Nevada county votes against certifying recount results of 2 local primaries

Commissioners in Washoe County, Nevada’s second most populous county, refused Tuesday to certify the results of local recounts from two June primaries, an unusual move that may have implications for the presidential race in one of the nation’s battleground states.

The three Republican members on the five-member Washoe County Board of Commissioners voted to reject the results of the recounts in one race for a commission seat and another for a local school board seat. It’s not clear what will happens next.

There’s been no comment from the county elections department, the district attorney’s office or the state attorney general. A request for comment from the secretary of state was not immediately returned.

The rejection of the recounts and questions about how to handle it raised concerns about what might happen in November should a local commission refuse to certify the presidential election results.

Election certification used to be a fairly dry, ministerial event, but since the 2020 elections, it has turned into a pressure point. During the midterm elections two years later, a scenario similar to what’s happening in Washoe County occurred in New Mexico after that state’s primary, when a rural county delayed certification of the results and relented only after the secretary of state appealed to the state’s supreme court.

The Washoe County vote was first reported by KRNV-TV.

The certification standoff is the latest election controversy to roil the county, which includes Reno and its suburbs and has narrowly voted for the Democrat in the last two presidential contests. Conspiracy theories about voting machines and distrust of election administrators have led to harassment and high turnover in the local election office the past four years. They also were on display Tuesday during the commission meeting in downtown Reno.

The public comments were filled by residents who alleged irregularities in the election, demanded a hand-count of ballots and sometimes spouted false claims of stolen elections and a “cabal” within the county.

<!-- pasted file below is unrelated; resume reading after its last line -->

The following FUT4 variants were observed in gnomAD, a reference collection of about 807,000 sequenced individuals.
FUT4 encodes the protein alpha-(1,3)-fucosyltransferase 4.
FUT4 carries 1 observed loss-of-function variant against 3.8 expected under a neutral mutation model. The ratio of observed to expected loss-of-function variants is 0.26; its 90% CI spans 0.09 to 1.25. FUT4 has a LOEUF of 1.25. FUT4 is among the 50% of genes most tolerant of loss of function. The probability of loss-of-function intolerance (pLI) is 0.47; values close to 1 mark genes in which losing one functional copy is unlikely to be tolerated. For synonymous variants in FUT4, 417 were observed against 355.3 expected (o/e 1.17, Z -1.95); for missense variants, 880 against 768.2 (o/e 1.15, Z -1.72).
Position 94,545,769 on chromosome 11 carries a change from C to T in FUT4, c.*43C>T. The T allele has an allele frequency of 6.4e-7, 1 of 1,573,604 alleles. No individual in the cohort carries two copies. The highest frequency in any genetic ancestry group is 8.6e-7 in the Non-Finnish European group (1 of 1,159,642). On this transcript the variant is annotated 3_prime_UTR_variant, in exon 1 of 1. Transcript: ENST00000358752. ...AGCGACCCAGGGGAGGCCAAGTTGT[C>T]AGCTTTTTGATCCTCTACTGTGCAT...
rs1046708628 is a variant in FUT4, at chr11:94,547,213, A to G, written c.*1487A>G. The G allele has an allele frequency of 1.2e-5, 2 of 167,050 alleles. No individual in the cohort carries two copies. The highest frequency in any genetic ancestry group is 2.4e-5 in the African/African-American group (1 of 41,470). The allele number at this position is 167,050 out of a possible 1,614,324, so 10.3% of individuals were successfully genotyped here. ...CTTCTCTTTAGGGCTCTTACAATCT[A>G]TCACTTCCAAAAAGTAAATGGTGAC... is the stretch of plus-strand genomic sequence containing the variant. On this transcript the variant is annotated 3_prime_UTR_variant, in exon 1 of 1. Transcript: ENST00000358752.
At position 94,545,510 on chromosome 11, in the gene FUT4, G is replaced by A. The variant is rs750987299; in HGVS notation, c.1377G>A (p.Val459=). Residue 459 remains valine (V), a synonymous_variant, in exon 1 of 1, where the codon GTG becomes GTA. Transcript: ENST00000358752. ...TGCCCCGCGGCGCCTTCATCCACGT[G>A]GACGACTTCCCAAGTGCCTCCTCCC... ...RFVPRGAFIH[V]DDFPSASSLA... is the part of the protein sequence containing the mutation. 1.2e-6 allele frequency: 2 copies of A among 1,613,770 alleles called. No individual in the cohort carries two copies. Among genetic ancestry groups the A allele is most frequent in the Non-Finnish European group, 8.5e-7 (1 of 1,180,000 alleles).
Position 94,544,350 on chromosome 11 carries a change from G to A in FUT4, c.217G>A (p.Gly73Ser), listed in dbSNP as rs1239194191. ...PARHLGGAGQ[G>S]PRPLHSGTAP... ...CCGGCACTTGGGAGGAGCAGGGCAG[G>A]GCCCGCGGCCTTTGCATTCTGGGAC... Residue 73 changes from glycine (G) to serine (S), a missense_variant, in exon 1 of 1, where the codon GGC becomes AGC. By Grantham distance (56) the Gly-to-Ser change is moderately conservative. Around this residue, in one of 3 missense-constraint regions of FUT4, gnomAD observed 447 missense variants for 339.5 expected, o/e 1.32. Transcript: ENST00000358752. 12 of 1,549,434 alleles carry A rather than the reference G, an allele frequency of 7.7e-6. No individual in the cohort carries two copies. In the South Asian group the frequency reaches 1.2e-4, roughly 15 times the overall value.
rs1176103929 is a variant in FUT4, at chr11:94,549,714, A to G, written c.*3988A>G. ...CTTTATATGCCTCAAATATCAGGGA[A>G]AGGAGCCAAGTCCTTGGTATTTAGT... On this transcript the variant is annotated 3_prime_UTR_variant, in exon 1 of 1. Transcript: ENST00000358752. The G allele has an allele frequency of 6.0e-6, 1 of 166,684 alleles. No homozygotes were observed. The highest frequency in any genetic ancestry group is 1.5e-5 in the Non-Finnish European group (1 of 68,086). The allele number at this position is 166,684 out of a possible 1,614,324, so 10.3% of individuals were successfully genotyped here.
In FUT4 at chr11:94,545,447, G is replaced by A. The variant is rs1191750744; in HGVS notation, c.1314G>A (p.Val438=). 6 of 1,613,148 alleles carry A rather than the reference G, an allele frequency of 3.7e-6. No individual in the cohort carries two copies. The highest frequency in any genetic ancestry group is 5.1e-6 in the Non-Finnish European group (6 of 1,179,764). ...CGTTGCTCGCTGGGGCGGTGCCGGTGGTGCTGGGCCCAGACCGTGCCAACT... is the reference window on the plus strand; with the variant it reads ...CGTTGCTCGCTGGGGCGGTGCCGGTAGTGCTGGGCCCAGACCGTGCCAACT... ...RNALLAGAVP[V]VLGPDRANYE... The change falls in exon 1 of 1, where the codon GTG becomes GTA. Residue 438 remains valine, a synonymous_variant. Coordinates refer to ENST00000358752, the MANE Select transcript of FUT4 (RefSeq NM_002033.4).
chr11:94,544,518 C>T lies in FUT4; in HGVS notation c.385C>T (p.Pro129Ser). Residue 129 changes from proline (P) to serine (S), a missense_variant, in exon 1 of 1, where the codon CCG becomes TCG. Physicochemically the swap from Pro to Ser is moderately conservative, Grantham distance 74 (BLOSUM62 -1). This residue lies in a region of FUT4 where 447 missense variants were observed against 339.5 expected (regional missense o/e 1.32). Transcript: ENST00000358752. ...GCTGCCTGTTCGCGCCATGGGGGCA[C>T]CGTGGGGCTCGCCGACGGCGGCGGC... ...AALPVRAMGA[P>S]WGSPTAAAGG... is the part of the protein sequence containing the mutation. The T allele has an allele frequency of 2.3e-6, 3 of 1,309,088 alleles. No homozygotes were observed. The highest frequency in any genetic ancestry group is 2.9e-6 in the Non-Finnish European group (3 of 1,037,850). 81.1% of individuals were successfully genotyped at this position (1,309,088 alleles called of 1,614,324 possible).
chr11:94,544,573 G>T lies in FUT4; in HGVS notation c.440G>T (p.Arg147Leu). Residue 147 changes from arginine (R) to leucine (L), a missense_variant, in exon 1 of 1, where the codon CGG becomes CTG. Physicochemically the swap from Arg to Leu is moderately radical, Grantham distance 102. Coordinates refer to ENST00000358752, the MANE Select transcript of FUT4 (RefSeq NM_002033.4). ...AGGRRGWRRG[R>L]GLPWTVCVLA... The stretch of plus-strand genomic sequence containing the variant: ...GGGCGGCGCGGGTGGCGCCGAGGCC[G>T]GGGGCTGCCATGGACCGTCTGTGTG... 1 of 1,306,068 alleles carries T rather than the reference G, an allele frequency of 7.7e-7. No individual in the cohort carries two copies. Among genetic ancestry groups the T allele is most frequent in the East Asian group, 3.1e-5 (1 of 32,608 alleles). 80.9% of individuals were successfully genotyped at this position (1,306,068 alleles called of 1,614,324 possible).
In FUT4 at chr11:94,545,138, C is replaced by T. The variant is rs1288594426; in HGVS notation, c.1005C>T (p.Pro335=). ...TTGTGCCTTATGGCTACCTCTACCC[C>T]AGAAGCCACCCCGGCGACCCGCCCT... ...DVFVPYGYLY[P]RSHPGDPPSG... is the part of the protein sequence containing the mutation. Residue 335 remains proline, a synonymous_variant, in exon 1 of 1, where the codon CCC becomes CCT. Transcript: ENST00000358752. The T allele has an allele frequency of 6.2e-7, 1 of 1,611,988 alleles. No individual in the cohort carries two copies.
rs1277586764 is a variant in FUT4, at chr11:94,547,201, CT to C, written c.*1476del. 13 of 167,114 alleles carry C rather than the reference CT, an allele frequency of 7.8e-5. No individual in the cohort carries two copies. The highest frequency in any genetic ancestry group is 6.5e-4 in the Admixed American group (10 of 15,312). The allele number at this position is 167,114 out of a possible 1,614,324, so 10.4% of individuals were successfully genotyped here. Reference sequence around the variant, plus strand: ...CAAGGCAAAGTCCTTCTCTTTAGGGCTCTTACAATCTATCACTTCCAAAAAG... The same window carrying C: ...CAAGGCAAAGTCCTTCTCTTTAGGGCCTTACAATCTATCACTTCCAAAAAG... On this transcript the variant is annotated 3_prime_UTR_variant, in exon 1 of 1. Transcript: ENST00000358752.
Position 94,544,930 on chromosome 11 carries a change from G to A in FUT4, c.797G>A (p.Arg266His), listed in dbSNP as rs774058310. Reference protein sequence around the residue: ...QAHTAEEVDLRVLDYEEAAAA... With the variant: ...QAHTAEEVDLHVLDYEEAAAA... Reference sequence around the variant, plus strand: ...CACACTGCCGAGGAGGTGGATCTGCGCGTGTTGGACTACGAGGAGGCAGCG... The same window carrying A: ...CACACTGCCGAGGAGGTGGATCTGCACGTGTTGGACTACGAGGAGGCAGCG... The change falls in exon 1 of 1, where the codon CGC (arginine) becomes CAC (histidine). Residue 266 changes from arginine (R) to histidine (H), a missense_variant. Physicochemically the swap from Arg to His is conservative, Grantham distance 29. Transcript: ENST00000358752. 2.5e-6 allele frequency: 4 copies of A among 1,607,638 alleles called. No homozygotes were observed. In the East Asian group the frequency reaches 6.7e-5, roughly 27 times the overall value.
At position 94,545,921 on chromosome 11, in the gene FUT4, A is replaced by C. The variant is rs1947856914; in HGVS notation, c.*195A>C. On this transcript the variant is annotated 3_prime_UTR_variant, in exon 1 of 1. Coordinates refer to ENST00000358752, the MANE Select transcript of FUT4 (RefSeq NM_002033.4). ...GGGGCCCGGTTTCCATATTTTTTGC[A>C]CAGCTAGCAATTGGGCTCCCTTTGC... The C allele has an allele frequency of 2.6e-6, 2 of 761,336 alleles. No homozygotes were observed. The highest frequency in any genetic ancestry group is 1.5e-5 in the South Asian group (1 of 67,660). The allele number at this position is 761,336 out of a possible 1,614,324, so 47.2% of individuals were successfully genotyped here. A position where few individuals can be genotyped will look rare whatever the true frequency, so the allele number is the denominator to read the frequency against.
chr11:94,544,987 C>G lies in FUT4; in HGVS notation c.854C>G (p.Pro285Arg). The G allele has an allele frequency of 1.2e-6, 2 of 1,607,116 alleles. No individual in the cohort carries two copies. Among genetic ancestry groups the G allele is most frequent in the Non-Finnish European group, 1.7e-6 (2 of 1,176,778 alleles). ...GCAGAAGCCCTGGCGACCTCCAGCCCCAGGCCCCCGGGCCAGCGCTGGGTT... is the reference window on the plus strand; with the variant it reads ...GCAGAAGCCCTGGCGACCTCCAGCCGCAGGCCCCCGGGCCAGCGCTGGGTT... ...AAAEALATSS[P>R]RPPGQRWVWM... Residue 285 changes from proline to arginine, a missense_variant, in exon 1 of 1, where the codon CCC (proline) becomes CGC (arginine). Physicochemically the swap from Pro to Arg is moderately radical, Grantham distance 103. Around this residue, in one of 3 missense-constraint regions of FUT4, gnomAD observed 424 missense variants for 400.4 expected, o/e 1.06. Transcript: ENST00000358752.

Against that backdrop, and rapid election staff turnover, the county elections department has also made certain administrative mistakes, like sending mail ballots to voters who had opted out of receiving them and misprinting certain local sample ballots, though none that affect tabulation.

Two of the Republican commissioners, Jeanne Herman and Mike Clark, have consistently voted against certifying results and are supported by the wider movement within the county that promotes election conspiracy theories. Republican Clara Andriola, who that movement has targeted in the primaries, joined them in voting against certification of the recounts, one of which involved the primary race she won.

“There’s a lot of information that has been shared that in my opinion warrants further investigation,” said Andriola, who had not previously voted against certifying results. She referenced several “hiccups” by the elections department and referenced public commenters who raised concerns.

She said she was appreciative of the county elections department but wanted to take the certification results to other governing or judicial bodies. She acknowledged that it is not immediately clear which particular entity that will be.

The commission’s two Democratic members voted against rejecting the recount results, which changed just one vote in each of the two races. The board had previously voted to certify the other races from last month’s primary 3-2, with Andriola voting in favor.

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